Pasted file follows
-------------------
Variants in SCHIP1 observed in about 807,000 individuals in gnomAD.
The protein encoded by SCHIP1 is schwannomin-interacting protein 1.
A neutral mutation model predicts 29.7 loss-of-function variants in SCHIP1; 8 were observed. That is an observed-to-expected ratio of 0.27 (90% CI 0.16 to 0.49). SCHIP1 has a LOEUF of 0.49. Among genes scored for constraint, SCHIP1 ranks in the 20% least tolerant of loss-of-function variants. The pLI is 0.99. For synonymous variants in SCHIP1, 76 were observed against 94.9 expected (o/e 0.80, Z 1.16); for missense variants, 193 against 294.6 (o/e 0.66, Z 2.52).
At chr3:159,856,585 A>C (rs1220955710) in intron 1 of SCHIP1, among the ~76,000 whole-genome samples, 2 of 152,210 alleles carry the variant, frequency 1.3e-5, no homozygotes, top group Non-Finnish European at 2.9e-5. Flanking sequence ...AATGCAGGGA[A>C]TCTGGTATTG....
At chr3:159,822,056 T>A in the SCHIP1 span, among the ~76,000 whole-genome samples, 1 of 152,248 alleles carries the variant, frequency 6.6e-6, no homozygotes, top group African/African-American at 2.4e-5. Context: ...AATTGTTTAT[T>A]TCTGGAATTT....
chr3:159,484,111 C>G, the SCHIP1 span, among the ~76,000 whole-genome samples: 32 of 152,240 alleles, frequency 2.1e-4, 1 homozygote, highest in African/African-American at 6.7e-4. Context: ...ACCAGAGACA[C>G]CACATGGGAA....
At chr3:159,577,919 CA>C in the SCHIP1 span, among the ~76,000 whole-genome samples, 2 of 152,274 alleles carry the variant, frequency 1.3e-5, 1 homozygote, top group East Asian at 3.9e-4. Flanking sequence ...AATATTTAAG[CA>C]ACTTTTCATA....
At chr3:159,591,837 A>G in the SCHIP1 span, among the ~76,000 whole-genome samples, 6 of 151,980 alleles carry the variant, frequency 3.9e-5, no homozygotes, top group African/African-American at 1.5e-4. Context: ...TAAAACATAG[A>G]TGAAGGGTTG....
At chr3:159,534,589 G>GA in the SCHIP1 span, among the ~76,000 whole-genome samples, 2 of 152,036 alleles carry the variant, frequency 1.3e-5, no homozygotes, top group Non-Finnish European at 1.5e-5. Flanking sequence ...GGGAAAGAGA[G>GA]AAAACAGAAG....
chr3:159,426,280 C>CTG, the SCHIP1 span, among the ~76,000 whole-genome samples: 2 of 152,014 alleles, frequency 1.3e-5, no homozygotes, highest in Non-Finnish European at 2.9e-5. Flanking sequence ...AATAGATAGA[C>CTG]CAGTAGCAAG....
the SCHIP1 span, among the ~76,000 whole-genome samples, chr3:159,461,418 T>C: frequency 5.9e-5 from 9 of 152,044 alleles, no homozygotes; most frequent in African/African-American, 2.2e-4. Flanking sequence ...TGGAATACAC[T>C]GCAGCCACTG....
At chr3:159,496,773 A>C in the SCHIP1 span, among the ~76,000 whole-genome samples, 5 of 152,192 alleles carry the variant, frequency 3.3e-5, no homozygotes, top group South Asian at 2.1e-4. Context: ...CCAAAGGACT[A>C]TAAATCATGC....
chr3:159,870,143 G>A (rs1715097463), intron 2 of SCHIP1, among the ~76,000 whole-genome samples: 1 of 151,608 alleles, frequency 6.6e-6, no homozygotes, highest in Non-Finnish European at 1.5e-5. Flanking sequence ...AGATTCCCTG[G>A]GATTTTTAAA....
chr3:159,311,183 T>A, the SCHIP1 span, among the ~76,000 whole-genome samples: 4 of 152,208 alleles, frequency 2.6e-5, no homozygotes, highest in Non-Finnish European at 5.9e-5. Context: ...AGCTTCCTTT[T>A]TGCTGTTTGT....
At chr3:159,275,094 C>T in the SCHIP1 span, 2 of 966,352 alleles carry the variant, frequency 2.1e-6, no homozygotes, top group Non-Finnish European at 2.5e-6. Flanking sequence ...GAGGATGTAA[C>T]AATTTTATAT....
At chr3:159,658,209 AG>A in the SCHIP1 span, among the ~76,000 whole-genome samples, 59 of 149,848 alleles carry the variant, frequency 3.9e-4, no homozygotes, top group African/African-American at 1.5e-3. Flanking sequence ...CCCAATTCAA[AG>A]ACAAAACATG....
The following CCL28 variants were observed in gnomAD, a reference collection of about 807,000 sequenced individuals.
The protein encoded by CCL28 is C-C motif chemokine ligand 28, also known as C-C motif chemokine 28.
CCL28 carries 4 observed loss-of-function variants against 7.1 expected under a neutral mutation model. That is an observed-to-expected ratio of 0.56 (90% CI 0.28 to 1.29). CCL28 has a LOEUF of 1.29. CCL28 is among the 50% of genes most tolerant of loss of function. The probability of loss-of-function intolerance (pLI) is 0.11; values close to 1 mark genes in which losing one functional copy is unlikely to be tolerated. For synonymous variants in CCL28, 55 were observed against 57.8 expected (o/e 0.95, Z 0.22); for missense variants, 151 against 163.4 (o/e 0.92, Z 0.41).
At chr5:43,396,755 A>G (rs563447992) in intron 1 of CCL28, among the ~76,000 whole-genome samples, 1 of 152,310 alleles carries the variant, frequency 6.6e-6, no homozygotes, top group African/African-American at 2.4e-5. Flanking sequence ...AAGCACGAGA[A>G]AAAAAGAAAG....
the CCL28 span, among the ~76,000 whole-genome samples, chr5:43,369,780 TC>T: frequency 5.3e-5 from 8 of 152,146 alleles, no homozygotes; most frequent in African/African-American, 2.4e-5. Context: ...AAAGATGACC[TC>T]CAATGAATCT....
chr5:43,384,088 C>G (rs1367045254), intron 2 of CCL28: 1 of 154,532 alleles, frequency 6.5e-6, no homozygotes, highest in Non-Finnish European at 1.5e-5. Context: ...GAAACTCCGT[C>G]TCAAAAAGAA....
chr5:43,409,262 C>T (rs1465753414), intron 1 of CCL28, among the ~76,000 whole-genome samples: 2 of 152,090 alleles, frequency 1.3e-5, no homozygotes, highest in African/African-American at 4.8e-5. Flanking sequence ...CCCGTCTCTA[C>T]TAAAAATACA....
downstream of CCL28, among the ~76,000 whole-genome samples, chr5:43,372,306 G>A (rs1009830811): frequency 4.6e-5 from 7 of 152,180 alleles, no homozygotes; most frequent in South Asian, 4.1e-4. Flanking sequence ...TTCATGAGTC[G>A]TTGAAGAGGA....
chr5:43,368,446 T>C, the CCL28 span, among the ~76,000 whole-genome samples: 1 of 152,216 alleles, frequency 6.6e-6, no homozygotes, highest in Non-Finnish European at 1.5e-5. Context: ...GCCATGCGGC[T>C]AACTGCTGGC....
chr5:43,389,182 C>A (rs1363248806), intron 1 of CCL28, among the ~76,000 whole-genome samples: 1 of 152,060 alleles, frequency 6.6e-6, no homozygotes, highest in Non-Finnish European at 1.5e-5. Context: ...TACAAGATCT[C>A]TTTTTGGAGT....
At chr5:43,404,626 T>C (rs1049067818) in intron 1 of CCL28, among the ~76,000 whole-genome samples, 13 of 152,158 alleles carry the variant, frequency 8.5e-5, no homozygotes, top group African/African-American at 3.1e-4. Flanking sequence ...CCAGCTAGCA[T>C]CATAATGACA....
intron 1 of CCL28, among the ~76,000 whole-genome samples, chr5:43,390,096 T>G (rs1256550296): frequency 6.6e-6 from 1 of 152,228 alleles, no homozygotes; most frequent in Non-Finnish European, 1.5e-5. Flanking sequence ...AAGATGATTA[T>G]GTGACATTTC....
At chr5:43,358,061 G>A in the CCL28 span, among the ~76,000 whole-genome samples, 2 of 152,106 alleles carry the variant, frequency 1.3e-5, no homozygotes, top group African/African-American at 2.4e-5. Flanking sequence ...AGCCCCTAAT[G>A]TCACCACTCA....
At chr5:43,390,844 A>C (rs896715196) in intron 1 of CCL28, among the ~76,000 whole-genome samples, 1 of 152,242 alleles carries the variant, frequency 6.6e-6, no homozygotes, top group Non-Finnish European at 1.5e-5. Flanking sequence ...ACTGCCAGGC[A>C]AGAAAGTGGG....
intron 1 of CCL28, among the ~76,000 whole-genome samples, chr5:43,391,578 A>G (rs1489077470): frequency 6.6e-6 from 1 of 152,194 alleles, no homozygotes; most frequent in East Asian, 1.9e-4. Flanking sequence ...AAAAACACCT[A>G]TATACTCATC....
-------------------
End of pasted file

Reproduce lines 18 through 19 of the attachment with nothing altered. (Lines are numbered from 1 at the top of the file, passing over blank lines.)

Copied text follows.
The protein encoded by CCL28 is C-C motif chemokine ligand 28, also known as C-C motif chemokine 28.
CCL28 carries 4 observed loss-of-function variants against 7.1 expected under a neutral mutation model. That is an observed-to-expected ratio of 0.56 (90% CI 0.28 to 1.29). CCL28 has a LOEUF of 1.29. CCL28 is among the 50% of genes most tolerant of loss of function. The probability of loss-of-function intolerance (pLI) is 0.11; values close to 1 mark genes in which losing one functional copy is unlikely to be tolerated. For synonymous variants in CCL28, 55 were observed against 57.8 expected (o/e 0.95, Z 0.22); for missense variants, 151 against 163.4 (o/e 0.92, Z 0.41).